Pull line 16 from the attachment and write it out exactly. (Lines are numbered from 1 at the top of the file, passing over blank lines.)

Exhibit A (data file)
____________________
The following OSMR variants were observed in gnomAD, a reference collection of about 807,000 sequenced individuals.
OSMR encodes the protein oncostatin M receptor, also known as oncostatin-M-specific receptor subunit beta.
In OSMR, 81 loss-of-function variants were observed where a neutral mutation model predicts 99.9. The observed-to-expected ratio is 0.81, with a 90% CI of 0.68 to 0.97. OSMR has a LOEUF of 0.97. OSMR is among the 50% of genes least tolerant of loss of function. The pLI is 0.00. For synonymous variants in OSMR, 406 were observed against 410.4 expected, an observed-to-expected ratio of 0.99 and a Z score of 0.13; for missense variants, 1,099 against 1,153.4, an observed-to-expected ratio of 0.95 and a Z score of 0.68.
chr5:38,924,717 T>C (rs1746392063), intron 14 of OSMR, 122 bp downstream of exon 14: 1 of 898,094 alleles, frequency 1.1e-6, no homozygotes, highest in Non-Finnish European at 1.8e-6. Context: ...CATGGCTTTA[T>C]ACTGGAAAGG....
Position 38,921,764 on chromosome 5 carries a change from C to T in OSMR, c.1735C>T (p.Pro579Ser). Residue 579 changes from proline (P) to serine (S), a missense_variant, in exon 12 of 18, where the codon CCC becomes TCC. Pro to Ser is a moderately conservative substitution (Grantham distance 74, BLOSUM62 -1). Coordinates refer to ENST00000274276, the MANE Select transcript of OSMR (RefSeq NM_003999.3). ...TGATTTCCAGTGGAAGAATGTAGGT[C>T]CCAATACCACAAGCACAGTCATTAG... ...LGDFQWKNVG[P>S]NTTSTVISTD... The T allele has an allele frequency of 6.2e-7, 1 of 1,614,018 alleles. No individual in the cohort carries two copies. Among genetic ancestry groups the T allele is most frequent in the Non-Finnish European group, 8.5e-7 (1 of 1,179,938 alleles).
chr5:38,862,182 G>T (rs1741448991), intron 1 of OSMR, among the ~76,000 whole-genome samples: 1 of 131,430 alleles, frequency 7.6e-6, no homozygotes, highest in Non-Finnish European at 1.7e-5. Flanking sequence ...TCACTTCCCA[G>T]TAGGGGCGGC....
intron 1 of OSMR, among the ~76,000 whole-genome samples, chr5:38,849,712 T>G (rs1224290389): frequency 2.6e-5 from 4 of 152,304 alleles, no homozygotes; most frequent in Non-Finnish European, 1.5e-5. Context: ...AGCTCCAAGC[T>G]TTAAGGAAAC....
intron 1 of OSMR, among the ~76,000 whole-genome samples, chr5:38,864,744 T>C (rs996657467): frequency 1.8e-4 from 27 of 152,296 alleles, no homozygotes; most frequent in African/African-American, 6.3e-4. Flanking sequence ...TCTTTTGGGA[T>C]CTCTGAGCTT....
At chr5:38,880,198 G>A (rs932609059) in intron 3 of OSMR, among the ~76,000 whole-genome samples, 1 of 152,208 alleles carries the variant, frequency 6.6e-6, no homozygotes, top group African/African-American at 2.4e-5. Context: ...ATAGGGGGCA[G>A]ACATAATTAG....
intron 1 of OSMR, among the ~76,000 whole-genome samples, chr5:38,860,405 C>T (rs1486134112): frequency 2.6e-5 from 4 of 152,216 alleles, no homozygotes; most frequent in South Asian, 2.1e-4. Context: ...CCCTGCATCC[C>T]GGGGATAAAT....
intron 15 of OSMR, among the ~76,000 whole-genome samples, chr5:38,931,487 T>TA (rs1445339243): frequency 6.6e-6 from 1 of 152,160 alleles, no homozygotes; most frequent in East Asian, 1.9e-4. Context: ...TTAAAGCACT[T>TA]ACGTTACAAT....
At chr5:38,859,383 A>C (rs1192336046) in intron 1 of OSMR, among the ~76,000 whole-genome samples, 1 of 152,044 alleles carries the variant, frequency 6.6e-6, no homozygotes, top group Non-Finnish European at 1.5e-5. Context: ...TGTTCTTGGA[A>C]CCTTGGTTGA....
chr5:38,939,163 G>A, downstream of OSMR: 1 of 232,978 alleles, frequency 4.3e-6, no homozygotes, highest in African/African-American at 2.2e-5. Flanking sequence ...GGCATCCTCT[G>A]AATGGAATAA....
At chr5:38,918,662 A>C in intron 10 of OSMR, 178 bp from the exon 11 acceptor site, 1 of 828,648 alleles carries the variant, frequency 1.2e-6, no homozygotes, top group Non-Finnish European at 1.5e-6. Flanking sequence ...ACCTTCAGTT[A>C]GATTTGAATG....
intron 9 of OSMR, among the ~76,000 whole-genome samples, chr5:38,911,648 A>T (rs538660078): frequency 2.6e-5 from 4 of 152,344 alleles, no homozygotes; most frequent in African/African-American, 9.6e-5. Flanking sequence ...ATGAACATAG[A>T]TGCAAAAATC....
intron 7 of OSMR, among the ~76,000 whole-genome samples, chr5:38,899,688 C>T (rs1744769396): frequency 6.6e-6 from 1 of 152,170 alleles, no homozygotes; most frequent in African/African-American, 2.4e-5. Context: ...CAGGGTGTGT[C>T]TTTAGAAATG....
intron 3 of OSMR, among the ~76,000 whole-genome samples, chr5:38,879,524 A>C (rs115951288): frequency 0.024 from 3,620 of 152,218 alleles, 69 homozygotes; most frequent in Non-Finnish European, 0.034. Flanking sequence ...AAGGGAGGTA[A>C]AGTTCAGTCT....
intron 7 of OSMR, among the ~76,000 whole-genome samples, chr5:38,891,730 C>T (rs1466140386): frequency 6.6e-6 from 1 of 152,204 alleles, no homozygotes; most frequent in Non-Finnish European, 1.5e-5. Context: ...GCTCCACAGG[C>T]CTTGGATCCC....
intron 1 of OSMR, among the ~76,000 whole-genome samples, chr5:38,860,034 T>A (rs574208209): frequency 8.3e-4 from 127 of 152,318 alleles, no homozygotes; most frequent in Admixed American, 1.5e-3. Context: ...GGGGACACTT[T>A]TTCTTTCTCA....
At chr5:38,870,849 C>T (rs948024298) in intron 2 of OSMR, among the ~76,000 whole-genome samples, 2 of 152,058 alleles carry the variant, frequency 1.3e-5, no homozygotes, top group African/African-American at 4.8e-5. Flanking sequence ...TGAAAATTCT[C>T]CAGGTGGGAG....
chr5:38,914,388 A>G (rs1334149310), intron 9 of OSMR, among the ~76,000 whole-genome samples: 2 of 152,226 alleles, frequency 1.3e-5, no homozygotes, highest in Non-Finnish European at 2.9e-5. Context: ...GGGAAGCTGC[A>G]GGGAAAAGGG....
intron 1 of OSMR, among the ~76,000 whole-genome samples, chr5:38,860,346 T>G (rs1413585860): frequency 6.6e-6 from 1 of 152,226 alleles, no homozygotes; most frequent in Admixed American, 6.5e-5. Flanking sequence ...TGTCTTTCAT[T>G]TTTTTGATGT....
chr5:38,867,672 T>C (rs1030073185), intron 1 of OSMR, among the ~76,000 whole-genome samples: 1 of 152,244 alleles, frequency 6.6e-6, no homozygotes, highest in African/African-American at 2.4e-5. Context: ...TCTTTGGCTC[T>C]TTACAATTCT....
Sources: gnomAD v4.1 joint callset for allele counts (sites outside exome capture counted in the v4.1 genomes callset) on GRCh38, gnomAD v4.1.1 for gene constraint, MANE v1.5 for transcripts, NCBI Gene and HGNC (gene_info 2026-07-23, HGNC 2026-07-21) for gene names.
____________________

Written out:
intron 7 of OSMR, among the ~76,000 whole-genome samples, chr5:38,899,688 C>T (rs1744769396): frequency 6.6e-6 from 1 of 152,170 alleles, no homozygotes; most frequent in African/African-American, 2.4e-5. Context: ...CAGGGTGTGT[C>T]TTTAGAAATG....